Editor's note: Corrects Charlie Jarvis's title
(CNSNews.com) - "I don't have a large estate, but whatever I have, if it was taxed, then my grandson would not benefit from that," said Jane Hunter, a retiree and grandmother from Arlington, Va.
Hunter arrived at the U.S. Capitol on a blustery March morning to talk about why she supports efforts in Congress to repeal the federal estate tax. Hunter is a caregiver for her grandson Jeremy who suffers from cerebral palsy. She worries that the estate tax will diminish the inheritance she could leave him when she dies.
"Mrs. Hunter is a classic example of the hidden heroes who are out there," explained Charlie Jarvis, president and CEO of the United Seniors Association. "Caregivers ... will literally be punished for taking care of their children and grandchildren. What we need to do is lift this incredibly heavy burden off their backs and free this economy up, too, instead of [it] being wasted on death tax," Jarvis said.
Hunter and Jarvis were among a handful of representatives from advocacy groups, families and family-owned businesses who came to the Capitol to show support for "death tax" repeal.
Erin O'Leary could identify with Jane Hunter and her grandson Jeremy. O'Leary, too, came to talk about how the death tax impacts the well being of disabled Americans. She was diagnosed with Multiple Sclerosis ten years ago. When she recently saw billionaires like Warren Buffet, Bill Gates and George Soros publicly supporting the inheritance tax, she was outraged and decided to form a group called Disabled Americans for Death Tax Repeal.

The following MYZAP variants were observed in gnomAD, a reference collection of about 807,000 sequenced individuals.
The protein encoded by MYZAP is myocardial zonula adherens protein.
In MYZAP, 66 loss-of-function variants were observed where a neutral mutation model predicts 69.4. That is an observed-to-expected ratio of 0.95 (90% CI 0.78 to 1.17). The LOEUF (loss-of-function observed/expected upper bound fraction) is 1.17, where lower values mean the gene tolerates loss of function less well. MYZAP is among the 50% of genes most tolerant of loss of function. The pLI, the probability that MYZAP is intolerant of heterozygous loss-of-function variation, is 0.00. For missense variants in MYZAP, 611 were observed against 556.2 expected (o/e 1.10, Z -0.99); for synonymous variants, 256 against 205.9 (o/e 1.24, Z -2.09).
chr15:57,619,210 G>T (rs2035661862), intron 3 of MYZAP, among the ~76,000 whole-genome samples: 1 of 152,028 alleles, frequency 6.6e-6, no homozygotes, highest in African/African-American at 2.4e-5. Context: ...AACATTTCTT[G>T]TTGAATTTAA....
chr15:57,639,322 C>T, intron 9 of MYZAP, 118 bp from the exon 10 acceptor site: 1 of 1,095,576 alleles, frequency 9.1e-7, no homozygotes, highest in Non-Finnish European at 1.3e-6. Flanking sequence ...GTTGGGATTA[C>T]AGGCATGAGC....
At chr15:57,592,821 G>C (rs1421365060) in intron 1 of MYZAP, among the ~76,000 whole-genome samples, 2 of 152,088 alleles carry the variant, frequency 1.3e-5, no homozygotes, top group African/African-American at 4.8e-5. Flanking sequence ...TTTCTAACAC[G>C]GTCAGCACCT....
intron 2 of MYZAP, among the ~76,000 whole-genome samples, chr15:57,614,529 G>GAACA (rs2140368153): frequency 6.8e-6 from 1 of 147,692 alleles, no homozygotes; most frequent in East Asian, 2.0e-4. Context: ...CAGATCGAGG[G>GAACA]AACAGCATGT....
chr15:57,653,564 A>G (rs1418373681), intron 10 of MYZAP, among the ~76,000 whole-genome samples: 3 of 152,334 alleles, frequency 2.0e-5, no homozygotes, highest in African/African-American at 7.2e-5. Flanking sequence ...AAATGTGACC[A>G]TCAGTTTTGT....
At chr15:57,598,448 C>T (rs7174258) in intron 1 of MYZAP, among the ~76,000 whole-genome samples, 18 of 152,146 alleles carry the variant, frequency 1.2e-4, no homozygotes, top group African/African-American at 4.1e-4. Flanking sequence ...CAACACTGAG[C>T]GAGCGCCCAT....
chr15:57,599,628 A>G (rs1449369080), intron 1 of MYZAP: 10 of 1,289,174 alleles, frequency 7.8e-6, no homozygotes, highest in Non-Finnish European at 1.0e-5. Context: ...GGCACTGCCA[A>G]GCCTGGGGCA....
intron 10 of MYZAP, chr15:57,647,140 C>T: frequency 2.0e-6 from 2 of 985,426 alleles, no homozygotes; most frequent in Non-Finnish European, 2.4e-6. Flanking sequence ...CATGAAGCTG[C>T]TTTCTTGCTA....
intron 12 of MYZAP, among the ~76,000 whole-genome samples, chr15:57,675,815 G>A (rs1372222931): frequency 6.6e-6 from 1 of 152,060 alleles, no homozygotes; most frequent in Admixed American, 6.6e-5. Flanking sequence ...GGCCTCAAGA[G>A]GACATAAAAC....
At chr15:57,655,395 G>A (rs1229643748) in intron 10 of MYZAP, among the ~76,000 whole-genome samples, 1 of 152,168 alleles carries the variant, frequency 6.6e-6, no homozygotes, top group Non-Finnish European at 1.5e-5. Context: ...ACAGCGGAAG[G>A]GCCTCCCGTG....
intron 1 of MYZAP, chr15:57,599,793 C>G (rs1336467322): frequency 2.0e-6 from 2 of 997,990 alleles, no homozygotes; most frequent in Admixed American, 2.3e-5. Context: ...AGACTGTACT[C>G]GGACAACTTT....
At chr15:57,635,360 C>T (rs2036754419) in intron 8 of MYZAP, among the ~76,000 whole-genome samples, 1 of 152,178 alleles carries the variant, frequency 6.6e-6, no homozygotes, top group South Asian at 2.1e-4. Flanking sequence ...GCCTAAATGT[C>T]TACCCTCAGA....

"I take offense that this group of wealthy elite should term helping people like me an 'unfortunate legacy' and that I shouldn't be allowed to keep the money my family has earned to offset future medical expenses," said O'Leary.
Jarvis was even more blunt. "We've all been fed truckloads of billionaire baloney," said Jarvis about the national pro-tax advertisements sponsored by Gates, Soros and others.
Robert de Posada of the Hispanic Business Roundtable spoke of his family's predicament when his father passed away in the early 1980s. Unable to pay the inheritance tax on his father's publishing business, de Posada and his siblings were forced to sell the business. According to de Posada, his situation was hardly unique. "A lot of Hispanic business owners are deeply affected by the death tax," he said.
"Women and minority owned businesses are on the rise, and that's good news for the economy," said Karen Kerrigan, who chairs the Small Business Survival Committee. "Like many first-generation entrepreneurs, women and minority business owners are discovering that the government will claim as much as 55 percent of the total assets of their business upon death. Dreams, hard work and jobs are all on the line," she said.
Reps. Jennifer Dunn (R-Wash.) and Chris Cox (R-Calif.) also spoke at the Thursday press conference. Dunn introduced a bill last week to phase out the inheritance tax over a ten-year period. The bill currently has 220 co-sponsors.
Death tax foes have been frustrated in previous efforts to get rid of the tax. In July 2000, both the Senate and House passed a measure eliminating the inheritance tax, but President Clinton vetoed it, calling it a "tax cut for the rich." President Bush, however, does support repeal of the tax.